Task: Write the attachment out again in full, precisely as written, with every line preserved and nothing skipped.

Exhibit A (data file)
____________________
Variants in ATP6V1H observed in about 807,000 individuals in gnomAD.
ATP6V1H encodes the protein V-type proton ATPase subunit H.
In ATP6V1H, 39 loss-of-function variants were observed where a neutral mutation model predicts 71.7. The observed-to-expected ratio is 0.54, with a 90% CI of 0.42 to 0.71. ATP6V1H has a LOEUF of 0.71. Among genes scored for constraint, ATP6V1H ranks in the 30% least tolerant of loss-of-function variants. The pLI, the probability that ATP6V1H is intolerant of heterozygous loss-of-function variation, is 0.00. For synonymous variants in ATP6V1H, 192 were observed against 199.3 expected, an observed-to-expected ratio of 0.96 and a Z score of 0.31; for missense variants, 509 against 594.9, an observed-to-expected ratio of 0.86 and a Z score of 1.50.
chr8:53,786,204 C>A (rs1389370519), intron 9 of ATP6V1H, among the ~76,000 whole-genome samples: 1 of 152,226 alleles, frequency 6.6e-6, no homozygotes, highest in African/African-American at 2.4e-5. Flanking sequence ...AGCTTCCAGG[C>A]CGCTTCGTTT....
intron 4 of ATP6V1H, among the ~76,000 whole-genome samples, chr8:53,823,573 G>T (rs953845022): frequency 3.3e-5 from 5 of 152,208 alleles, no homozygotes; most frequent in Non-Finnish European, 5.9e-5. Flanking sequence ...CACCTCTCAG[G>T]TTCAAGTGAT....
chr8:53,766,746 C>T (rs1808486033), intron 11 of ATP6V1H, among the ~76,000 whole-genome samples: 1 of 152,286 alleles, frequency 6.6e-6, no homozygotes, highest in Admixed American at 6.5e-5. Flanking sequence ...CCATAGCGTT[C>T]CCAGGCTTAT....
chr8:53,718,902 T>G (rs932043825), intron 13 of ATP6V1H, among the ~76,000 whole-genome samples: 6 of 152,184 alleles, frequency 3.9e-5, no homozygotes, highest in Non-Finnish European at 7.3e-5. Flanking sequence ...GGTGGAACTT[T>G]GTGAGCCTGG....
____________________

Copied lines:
Variants in ATP6V1H observed in about 807,000 individuals in gnomAD.
ATP6V1H encodes the protein V-type proton ATPase subunit H.
In ATP6V1H, 39 loss-of-function variants were observed where a neutral mutation model predicts 71.7. The observed-to-expected ratio is 0.54, with a 90% CI of 0.42 to 0.71. ATP6V1H has a LOEUF of 0.71. Among genes scored for constraint, ATP6V1H ranks in the 30% least tolerant of loss-of-function variants. The pLI, the probability that ATP6V1H is intolerant of heterozygous loss-of-function variation, is 0.00. For synonymous variants in ATP6V1H, 192 were observed against 199.3 expected, an observed-to-expected ratio of 0.96 and a Z score of 0.31; for missense variants, 509 against 594.9, an observed-to-expected ratio of 0.86 and a Z score of 1.50.
chr8:53,786,204 C>A (rs1389370519), intron 9 of ATP6V1H, among the ~76,000 whole-genome samples: 1 of 152,226 alleles, frequency 6.6e-6, no homozygotes, highest in African/African-American at 2.4e-5. Flanking sequence ...AGCTTCCAGG[C>A]CGCTTCGTTT....
intron 4 of ATP6V1H, among the ~76,000 whole-genome samples, chr8:53,823,573 G>T (rs953845022): frequency 3.3e-5 from 5 of 152,208 alleles, no homozygotes; most frequent in Non-Finnish European, 5.9e-5. Flanking sequence ...CACCTCTCAG[G>T]TTCAAGTGAT....
chr8:53,766,746 C>T (rs1808486033), intron 11 of ATP6V1H, among the ~76,000 whole-genome samples: 1 of 152,286 alleles, frequency 6.6e-6, no homozygotes, highest in Admixed American at 6.5e-5. Flanking sequence ...CCATAGCGTT[C>T]CCAGGCTTAT....
chr8:53,718,902 T>G (rs932043825), intron 13 of ATP6V1H, among the ~76,000 whole-genome samples: 6 of 152,184 alleles, frequency 3.9e-5, no homozygotes, highest in Non-Finnish European at 7.3e-5. Flanking sequence ...GGTGGAACTT[T>G]GTGAGCCTGG....